We know that there is always going to be a need for well-educated employees. That said, we are confident that the countless tradition-oriented and conventional schools, colleges and universities, around the world, are more than capable of educating future employees without our help. While we have delivered some programs for a few undergraduate students who insisted – younger men and women seeking programs that were a departure from those offered by a Harvard, or a Cambridge, or any of the thousands of tradition-oriented schools that dot the globe - we do not offer undergraduate programs as a rule.
The programs we do offer, however, have one thing in common - they were developed to meet the needs of current and/or future employers rather than employees. To this end, the programmatic focus is on the needs of the learner rather than those of the institution; the IUE does not key on the tradition of putting a purported expert in front of a classroom to impart his or her understanding of the theory of a subject … pitting their expertise and wisdom in rote fashion, against practical, real-world and real-time skills and understanding.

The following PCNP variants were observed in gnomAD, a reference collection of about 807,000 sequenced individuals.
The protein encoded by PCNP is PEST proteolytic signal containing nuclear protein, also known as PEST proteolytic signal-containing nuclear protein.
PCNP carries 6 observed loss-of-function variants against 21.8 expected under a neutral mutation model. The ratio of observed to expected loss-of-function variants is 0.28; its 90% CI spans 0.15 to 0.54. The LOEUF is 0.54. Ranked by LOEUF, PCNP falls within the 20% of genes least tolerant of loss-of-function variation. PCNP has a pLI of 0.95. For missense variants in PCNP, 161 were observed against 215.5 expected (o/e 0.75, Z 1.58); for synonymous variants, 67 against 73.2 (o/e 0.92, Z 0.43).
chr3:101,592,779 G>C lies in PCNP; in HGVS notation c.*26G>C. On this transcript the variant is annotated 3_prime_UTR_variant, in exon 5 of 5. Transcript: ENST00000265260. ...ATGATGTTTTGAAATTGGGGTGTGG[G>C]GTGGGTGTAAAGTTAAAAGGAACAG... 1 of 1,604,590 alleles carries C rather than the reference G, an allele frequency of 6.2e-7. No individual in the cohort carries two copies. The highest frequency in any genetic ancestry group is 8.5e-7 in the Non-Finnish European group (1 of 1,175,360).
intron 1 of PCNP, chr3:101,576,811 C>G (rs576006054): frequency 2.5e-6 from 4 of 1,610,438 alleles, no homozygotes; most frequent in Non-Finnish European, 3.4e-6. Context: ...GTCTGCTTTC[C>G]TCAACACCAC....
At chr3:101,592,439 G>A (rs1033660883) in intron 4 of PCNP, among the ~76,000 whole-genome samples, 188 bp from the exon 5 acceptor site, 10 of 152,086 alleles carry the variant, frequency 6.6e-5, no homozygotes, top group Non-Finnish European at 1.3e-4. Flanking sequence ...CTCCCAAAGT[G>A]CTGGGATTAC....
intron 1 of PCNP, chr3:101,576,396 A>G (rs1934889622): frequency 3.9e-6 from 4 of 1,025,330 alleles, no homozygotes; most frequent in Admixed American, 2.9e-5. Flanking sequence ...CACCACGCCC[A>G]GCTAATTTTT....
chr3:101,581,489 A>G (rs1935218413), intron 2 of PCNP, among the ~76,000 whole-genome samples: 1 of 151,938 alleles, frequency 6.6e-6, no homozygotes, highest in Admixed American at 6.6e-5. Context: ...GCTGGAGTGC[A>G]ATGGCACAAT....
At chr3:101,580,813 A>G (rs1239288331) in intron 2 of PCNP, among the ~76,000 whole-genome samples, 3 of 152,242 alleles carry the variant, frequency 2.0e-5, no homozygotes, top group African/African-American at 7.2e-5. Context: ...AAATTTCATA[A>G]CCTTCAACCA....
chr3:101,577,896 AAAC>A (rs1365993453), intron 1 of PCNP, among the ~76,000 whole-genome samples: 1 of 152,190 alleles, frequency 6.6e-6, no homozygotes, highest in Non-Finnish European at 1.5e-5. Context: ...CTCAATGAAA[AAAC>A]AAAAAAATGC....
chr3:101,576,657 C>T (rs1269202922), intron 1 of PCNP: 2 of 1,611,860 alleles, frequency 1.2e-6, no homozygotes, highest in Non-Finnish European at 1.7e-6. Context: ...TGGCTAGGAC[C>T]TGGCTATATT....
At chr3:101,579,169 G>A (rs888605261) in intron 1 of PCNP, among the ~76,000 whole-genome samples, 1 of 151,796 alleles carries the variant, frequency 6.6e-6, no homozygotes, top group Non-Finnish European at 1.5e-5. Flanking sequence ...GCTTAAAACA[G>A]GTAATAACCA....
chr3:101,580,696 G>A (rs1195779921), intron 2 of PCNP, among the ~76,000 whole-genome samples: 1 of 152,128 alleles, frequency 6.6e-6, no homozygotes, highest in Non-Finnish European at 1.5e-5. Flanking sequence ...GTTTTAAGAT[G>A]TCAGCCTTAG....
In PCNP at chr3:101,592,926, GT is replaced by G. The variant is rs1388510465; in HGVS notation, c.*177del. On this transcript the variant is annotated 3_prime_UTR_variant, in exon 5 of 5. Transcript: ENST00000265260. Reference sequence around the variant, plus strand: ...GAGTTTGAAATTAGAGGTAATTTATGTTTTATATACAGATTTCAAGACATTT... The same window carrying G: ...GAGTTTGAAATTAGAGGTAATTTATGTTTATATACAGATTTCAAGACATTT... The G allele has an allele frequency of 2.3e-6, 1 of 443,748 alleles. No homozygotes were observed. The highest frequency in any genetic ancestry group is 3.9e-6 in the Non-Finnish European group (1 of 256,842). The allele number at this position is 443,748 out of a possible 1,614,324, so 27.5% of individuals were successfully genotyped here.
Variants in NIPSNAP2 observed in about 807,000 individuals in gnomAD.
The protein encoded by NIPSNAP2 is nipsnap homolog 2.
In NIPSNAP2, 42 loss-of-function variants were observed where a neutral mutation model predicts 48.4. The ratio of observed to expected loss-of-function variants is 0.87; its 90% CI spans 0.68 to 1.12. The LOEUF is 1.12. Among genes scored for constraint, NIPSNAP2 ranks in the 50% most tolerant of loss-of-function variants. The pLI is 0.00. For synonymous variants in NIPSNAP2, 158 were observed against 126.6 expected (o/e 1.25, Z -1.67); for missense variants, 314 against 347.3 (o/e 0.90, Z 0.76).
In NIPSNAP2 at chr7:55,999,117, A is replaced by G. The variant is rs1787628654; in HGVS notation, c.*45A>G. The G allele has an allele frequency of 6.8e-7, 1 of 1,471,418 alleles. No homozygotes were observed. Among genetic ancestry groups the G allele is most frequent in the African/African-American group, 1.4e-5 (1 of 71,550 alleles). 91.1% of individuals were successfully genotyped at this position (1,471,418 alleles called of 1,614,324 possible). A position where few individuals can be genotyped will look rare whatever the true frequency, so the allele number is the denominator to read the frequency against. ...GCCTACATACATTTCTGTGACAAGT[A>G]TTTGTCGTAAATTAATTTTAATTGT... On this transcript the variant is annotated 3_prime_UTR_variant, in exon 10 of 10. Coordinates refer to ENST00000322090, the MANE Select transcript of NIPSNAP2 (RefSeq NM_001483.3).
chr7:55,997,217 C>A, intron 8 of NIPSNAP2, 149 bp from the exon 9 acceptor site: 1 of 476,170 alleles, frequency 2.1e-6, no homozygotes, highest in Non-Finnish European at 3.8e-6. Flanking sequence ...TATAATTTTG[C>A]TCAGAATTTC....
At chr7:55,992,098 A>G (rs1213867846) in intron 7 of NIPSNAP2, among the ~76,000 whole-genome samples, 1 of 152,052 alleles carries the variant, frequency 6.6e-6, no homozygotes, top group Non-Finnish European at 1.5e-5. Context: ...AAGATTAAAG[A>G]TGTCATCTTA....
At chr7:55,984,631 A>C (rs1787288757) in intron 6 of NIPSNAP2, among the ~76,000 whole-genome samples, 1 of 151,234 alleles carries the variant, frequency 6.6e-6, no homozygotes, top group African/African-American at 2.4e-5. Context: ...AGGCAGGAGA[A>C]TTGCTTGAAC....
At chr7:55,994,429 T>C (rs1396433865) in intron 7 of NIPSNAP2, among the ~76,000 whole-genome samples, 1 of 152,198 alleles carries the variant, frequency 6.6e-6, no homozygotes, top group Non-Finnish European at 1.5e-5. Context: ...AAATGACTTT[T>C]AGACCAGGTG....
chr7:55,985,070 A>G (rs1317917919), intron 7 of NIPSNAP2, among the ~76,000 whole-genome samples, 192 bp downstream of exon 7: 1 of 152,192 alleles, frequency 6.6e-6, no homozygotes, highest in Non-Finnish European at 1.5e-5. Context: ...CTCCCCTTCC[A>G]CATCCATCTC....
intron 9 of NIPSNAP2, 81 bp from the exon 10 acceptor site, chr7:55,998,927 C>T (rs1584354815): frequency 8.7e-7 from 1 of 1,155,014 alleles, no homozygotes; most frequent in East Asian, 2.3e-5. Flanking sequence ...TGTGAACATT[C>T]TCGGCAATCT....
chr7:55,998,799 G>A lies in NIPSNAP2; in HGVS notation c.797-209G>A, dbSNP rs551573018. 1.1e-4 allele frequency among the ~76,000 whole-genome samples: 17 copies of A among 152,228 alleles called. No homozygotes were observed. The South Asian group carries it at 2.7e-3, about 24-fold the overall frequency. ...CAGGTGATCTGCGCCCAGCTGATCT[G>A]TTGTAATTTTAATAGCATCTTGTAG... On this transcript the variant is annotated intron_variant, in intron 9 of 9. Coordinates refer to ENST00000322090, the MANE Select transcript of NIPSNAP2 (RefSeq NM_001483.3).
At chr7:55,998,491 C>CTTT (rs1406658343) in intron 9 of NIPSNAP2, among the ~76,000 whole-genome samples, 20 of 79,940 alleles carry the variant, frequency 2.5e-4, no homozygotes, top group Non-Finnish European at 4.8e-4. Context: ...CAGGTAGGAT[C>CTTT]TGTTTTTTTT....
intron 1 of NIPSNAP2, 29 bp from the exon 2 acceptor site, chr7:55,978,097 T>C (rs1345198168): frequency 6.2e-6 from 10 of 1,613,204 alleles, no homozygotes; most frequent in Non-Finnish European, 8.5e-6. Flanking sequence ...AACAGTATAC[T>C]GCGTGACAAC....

With the homogenization of higher education, in general, the IUE, from the outset, chose to differentiate itself from all other institutions of higher learning by clearly stating that the focus of all credentials programs is to fill the gap that has always existed in our education system … that of providing for the unique education needs of the employer.
Our distinction is, the IUE offers only those programs and courses with a clear focus on the major components of entrepreneurship and entreprenology. Entrepreneurship is the base upon which the discipline of the employer is built. Entreprenology - the concept originated and developed by Dr. James R. Omps and his colleagues, expands upon that base – takes it to a much higher level.
The result is a range of programs targeting, and effectively providing for, the education and training needs unique to those who create the clear majority of jobs … the employers. If the goal of the learner is to prepare himself or herself to become an employer, or if it is simply to learn to think and/or make important decisions from the employer’s perspective, then the values, programs, courses and options that spring from this dynamic discipline, are key to the creation, adoption or adaptation of the most critical proficiencies they will need … a functional understanding of value-creation, and the ability to either discover or develop an entreprenological mindset. They then learn to apply the core qualities to their professional and personal lives. The eventual outcome … success!